By February the fun was over. I was started on home IV and dear Penny went in for surgery to fix her broken hip joint. We both attempted to heal together. By the end of February I was admitted to St. Mikes because none of the med combos were working and my drug allergies prevented me from using those combos at home.

When I was out on a pass from the hospital on my Dad's birthday in March, I remember remarking "Wow, I was so sick before, I feel SO good now, I can't get over it." We really thought we had found the right medication combo, my lung function was back up to 28% and I was to be discharged the next day, but fate had other plans. Within 24 hours my med combo started failing, I was getting more short of breath by the day, and my lung function dropped back down. I went from briskly walking around the city a few days earlier, to being short of breath just sitting in bed. I could not walk to the bathroom without looking like I'd run a marathon, I could not reach for items on my table, I could not do much (though I'd still force walks). I was put on oxygen 24/7, but was able to taper down to use for just walking. By the end of March I asked to be re-assessed for a lung transplant, the doctor's agreed it was the right time to consider listing.

On April 19th I met with the surgeon at Toronto General Hospital and signed the dotted line. I was officially listed for transplant as a status 1. On April 20th I was released from hospital after 8 weeks.

May was such a blur, with frequent appointments at St. Michael's Hospital accompanied by attending the physio program at Toronto General three times a week.

By June I was back on oral antibiotics for a month. I started struggling with the idea of transplant and thought I was 'too healthy' for it... by the end of the month I had changed my mind.

In July we started renting a condo close to Toronto General so that I could have a bit more of a life. It was getting challenging finding time for a life between the usual 4 hr treatments PLUS three times a week physio PLUS appointments at Toronto General and St. Mikes -- this probably saved my sanity for the summer. I started night French lessons to attempt to keep my brain alive... not sure how much I absorbed, but it was fun!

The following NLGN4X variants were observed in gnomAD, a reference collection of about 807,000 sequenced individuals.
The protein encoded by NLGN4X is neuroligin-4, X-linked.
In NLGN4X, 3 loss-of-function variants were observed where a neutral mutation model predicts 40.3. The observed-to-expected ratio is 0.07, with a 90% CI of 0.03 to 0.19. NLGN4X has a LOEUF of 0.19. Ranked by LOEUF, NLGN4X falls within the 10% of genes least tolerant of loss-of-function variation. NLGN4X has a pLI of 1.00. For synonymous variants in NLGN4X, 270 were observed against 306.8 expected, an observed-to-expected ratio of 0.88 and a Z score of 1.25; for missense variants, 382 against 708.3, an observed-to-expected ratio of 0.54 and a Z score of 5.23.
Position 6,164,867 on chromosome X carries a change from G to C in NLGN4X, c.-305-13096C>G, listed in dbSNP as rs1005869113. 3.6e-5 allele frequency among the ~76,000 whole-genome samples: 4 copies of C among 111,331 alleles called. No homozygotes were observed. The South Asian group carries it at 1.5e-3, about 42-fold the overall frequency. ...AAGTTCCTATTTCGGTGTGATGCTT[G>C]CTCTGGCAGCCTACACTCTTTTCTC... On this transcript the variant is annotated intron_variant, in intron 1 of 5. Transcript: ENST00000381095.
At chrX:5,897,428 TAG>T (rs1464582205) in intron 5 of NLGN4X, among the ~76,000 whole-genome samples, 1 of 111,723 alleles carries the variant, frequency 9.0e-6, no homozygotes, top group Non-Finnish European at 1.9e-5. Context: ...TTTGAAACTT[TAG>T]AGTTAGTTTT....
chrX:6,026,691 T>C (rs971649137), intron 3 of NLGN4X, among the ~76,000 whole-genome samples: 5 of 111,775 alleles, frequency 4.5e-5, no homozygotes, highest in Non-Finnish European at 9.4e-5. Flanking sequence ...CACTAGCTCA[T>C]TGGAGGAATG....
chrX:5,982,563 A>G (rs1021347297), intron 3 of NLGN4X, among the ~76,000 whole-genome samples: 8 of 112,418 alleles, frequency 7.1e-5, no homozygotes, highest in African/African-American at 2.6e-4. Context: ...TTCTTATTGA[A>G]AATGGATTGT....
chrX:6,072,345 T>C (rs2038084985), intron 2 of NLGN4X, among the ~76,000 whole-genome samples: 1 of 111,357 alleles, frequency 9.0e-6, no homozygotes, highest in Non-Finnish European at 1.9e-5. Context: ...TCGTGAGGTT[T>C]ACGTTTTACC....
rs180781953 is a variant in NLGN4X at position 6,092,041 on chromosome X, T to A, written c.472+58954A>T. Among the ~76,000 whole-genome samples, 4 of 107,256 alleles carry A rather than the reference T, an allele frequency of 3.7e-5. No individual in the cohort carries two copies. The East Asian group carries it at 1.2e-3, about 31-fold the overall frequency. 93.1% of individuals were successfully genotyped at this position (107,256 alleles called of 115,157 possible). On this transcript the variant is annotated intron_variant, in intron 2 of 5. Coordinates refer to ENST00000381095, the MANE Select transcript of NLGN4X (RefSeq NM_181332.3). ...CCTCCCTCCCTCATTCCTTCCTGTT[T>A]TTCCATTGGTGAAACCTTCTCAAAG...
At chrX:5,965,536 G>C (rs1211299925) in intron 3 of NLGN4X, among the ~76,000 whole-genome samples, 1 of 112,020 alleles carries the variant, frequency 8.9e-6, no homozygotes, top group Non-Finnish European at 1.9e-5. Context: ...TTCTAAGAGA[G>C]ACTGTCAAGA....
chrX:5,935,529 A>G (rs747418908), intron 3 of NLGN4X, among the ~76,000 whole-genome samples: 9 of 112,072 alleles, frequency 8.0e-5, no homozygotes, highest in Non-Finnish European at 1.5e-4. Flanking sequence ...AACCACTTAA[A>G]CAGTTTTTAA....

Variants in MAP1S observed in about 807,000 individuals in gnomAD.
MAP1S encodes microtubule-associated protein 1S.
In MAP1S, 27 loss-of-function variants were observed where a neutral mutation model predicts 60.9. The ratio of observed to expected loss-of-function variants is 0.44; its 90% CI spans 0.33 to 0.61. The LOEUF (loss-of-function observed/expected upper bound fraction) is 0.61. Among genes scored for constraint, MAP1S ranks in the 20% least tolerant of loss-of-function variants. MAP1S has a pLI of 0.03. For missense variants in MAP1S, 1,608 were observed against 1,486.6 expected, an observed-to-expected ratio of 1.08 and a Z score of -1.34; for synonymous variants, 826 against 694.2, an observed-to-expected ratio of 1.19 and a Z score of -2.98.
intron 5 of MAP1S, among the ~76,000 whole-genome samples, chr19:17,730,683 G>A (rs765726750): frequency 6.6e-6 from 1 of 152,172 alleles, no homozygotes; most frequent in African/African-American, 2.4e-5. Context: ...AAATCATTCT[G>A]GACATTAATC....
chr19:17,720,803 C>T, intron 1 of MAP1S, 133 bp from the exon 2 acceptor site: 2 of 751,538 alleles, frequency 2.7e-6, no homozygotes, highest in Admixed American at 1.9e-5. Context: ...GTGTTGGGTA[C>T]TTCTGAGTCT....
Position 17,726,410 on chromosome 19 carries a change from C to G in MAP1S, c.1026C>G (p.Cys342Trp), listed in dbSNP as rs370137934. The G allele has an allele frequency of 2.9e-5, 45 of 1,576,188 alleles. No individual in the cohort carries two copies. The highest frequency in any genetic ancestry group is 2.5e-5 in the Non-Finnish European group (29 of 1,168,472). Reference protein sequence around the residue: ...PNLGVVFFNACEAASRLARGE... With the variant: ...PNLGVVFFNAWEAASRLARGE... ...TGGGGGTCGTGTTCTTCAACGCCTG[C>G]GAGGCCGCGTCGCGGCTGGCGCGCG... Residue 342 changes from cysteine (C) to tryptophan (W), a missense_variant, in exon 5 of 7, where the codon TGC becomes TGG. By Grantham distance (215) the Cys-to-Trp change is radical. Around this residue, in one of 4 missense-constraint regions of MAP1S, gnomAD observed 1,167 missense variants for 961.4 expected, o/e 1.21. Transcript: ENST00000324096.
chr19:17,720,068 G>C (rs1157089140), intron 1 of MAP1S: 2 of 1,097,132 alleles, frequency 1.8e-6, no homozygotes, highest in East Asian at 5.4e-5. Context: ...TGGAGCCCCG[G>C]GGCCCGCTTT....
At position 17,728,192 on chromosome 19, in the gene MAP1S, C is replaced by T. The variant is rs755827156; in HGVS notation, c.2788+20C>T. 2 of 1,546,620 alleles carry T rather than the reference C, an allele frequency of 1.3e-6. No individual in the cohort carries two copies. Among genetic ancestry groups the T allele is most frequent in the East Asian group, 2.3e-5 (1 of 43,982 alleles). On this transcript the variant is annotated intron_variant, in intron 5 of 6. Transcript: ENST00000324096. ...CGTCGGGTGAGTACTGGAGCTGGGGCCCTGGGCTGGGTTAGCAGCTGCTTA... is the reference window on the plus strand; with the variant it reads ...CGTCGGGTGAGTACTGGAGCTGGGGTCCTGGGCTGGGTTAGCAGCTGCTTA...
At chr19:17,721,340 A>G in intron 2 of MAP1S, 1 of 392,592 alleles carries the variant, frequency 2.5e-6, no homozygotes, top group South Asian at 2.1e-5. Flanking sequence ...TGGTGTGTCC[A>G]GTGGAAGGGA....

August brought our yearly fashion show CF for CF. This year I just designed the program and wasn't as involved, but it was nice to sit back and just enjoy the experience. It was also a nice excuse to wear my heels again (which I've been avoiding the past year because they make me short of breath) -- thankfully there were lots of places to sit!

By the time September hit, I knew I was done for, something changed when that fall air hit my lungs. I had been stubbornly avoiding using my oxygen for walking all summer long (instead opting for shorter walks and more frequent breaks), but now I had no option, I NEEDED it to function.

Still, I kept busy. My Dad, Sister and I planned my Mom's surprise 50th Birthday -- and yes she was surprised. A few days after I started oral antibiotics again after developing a 'weird breath' and at the insistence of my physiotherapist. Two weeks later I was started on IV antibiotics.

By October things were starting to go downhill again. I was admitted to St. Mikes to try a new drug combination since my current one was not working. During this admission the "Big Boss Doc" came into my room and said it would be a good idea to increase my status on the transplant list (status 2) -- and after digesting this information (that I saw coming) I agreed. On October 24th I was listed at status 2 the "urgent" list.

After over 5 weeks on IV antibiotics, and little improvement, I stopped IVs in November to give my body (and self) a 'break'. I slept A LOT. And tests showed my white blood cell count was climbing (though I felt ok) and my pfts dropped ever-so-slighty. The waiting game to restart IVs was on.

The night of November 22nd, I went to bed early. I had agreed to do a speech at U of T early the next morning about life on the transplant list -- as I closed my computer that night, after reviewing my talking points, I thought 'wouldn't it be funny if I got my call tonight?'

At 1:13 am I heard a 'beep' on my phone indicating I had a voice mail. I had no service, apparently, so my calls were going straight to voice mail. It was TGH saying they needed to get in touch with me ASAP -- I knew what that meant. I had a moment to mentally vomit nerves, then called back and heard the words "We believe we have lungs for you and you're first choice."

I thought it would be a false alarm, most people get those. But no, this was the real deal!

10 hours later I was on the OR table. I waited there for 2 hours, chatting with the OR nurses, then the surgeon (a man of few words) came in, clapped his hands together and said "OK let's go". I thought that was funny.